- 6th day of Hanotë -
Part 8 - A Night in a Barn
As evening came the trees around her became scarcer, although she still felt the urge to turn around on her saddle from time to time, just to make sure that no one was following her. She hadn’t had the courage to stop again since she’d crossed that bridge, not even to eat, and now she felt so tired that even her legs seemed to have gone numb.
At least she was almost free from that deadly silent forest, she thought, hopefully, facing the road ahead where there were no more shadowy trees to be seen, and where fields of apple trees flanked the road on both sides.
The words she had overheard being exchanged by those savage looking men came back to her, and she couldn’t help dwell on the story about that jewel, the same she’d heard in Everlyn and then in Mithir; the reason behind that terrible war
However, the sudden sound of singing birds pushed all that away from her mind and left a smile on her face. Sound again! It was so amazing that she wondered if she had somehow crossed some magical portal and was now back to the real world.
She looked for the house of the owners of those fields and dismounted her horse.
Straightening her hair as best as she could, she knocked on the old door and waited nervously.
“Good evening. I’m sorry to disturb you,” she greeted politely when an old woman came to the door, sliding the porter’s hatch to peer outside with a suspicious look, her gray hair all tied up at the back of her head. “I’m bound to Melkar and was wondering if you would be so kind as to allow me to spend the night. Anywhere will do, as long as it is warm. Maybe the barn?” she suggested, seeing as she was still being looked upon with distrust, and waited as the woman pondered for a moment, almost as if she could foresee her intentions just by looking at her.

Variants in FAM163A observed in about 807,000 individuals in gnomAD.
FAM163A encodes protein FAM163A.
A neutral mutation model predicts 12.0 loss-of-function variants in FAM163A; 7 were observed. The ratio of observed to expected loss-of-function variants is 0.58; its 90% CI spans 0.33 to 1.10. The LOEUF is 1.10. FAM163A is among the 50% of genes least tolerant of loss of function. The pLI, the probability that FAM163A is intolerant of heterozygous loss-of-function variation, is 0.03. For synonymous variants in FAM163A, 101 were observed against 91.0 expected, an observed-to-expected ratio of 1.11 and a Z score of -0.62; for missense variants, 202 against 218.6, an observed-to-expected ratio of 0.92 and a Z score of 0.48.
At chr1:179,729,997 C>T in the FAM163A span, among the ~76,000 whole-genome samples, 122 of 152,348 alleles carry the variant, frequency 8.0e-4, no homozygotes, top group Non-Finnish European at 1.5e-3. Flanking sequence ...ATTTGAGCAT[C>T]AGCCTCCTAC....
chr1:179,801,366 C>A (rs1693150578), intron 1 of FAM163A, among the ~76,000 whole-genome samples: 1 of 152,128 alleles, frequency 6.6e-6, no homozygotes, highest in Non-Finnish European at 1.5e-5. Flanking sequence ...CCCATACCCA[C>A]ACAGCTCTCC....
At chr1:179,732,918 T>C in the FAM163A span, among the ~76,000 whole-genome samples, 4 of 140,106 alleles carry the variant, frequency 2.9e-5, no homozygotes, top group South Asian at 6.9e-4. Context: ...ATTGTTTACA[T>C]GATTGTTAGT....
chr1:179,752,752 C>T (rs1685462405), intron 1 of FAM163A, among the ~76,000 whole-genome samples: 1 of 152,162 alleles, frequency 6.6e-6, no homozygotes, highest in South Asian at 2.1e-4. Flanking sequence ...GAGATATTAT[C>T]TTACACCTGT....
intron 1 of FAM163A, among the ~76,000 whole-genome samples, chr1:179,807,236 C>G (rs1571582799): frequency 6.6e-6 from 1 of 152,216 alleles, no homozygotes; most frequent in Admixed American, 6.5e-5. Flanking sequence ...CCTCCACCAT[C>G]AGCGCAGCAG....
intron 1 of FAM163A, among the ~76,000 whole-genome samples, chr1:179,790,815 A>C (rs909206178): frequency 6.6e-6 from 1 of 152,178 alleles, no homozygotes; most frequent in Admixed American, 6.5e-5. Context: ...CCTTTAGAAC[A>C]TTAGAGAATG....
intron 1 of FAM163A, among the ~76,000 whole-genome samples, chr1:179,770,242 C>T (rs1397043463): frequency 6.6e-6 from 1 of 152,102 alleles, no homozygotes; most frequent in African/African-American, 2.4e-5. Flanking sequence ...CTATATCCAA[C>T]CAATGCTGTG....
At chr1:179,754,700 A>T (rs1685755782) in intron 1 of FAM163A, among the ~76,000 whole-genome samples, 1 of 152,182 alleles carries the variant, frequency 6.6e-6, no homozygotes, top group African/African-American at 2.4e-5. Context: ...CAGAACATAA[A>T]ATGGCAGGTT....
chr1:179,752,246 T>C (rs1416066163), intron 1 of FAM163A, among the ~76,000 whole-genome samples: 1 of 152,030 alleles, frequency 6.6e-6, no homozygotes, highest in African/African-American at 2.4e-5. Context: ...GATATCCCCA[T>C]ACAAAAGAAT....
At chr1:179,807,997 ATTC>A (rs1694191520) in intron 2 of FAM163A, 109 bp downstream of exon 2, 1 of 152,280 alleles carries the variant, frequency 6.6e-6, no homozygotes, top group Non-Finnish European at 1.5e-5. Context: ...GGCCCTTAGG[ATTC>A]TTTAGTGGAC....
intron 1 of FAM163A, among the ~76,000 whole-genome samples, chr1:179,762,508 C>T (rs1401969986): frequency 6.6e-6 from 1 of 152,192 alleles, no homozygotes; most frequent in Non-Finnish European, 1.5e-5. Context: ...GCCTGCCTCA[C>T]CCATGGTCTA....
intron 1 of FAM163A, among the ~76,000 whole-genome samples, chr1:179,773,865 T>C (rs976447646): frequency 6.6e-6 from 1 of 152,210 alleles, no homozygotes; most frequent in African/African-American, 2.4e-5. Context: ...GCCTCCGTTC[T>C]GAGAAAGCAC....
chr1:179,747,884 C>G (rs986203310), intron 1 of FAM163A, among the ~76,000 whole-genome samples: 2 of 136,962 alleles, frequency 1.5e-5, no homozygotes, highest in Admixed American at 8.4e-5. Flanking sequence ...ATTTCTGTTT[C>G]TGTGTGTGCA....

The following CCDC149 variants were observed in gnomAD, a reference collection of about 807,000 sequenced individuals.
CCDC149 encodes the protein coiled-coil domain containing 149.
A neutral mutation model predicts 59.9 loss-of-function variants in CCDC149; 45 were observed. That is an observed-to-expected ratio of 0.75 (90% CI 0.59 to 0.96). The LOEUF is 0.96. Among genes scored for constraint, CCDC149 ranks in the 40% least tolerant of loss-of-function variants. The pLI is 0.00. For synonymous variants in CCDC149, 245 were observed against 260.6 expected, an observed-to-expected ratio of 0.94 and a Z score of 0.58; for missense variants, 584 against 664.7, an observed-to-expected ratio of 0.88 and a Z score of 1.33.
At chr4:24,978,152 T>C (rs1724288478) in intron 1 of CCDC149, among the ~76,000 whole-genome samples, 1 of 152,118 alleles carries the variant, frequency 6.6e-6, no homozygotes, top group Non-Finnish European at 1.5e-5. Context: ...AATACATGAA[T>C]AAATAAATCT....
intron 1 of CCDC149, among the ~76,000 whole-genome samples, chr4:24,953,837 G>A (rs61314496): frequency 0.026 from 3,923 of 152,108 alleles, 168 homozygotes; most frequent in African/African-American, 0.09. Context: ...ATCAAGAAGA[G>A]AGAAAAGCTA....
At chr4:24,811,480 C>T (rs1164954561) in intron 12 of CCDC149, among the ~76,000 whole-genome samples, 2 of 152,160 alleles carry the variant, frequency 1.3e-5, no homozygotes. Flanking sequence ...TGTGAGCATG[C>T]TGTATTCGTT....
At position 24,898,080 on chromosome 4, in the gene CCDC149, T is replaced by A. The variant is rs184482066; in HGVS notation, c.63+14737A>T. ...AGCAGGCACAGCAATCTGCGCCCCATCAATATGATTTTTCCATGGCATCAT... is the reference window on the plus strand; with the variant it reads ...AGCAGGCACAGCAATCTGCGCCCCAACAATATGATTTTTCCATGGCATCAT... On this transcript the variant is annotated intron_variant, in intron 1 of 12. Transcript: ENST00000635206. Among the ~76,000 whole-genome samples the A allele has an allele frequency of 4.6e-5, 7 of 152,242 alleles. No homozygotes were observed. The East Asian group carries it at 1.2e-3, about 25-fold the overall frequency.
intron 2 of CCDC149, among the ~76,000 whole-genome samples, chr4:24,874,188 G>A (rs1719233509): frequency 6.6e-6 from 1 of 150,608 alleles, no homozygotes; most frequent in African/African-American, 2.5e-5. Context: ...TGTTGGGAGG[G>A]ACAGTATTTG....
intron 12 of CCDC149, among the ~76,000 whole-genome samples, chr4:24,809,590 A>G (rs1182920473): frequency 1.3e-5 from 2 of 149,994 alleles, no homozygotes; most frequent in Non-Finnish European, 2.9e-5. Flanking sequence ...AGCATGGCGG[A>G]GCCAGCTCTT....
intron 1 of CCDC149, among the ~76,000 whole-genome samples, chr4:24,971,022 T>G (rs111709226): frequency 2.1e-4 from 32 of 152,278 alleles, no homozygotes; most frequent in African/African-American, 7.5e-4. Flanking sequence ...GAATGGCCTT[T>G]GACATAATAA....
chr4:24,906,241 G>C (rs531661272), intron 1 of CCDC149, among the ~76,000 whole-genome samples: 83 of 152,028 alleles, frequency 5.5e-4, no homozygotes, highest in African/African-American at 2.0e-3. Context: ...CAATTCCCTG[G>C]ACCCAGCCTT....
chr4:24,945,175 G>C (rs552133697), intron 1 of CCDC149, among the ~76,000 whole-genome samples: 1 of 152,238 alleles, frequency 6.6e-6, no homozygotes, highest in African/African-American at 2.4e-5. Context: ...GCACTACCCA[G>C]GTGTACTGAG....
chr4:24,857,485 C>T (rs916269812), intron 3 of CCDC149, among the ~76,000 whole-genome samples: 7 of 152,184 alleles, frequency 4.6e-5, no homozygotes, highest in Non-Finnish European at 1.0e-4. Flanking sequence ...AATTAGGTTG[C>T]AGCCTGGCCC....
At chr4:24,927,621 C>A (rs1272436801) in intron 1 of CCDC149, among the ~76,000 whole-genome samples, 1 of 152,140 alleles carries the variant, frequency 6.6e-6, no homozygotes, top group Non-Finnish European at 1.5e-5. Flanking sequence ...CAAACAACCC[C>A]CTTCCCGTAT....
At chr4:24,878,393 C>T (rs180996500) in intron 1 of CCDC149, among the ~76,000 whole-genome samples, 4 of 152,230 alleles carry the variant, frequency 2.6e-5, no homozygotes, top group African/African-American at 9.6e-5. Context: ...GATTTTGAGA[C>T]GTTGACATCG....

“Follow me,” she finally told her, closing the porter’s hatch and opening the door to step outside, and Allana obeyed, pulling her horse by the reins, as they went around to the back. “You can stay here, if you’d like. I’ll bring you some blankets and something to eat,” the woman told her, opening the barn’s large door, and Allana went in.
“There’s no need. I thank you for your hospitality but there’s no need to worry yourself on my account.”
“It’s fine,” the woman replied and left her alone.
Allana looked around with a smile. At least in there she’d be protected from dawn’s chilling air, she decided tying her horse to a wood beam and gathered some straw to feed him.
True to her word, the woman returned not long after, carrying two warm, dry blankets, and a small pot with something fuming that immediately filled the air with a delicious fragrance.
Allana hurried to help her unload her charge and gratefully took the loaf of fresh bread the woman pulled out from her apron’s front pocket.
“Thank you very much,” she honestly told her and the woman nodded, still looking at her suspiciously.
“Are you traveling alone?”
Allana nodded, unloading her small baggage to take that chance and spread out her own blankets, hoping they’d dry.
“An you’re headed north?”
“To Melkar, yes,” Allana answered and the woman frowned.
“There’s been rumors that things aren’t all that safe, as you get closer to town. And a young girl such as yourself, all alone …” She left the rest unsaid and Allana gave her a worried look.
“Really? That bad?”
“Well, we’re the last farm on the road and it’s been a while since we last went into to town. Our neighbors, four houses up ahead, are the ones that take our products to try and sell them in the city. And so I heard from them that it isn’t the first time farmers go into town to never be heard from again.”
“I see … Thank you. I’ll make sure to be careful.”
The woman sighed, shaking her head like one would do before a child’s stubbornness, but didn’t insist on the matter.
“After eating your fill you may take your horse to the watering-place outside,” she told her and left.
Allana unfolded one of her maps and smiled. Just a little bit more and she’d be there!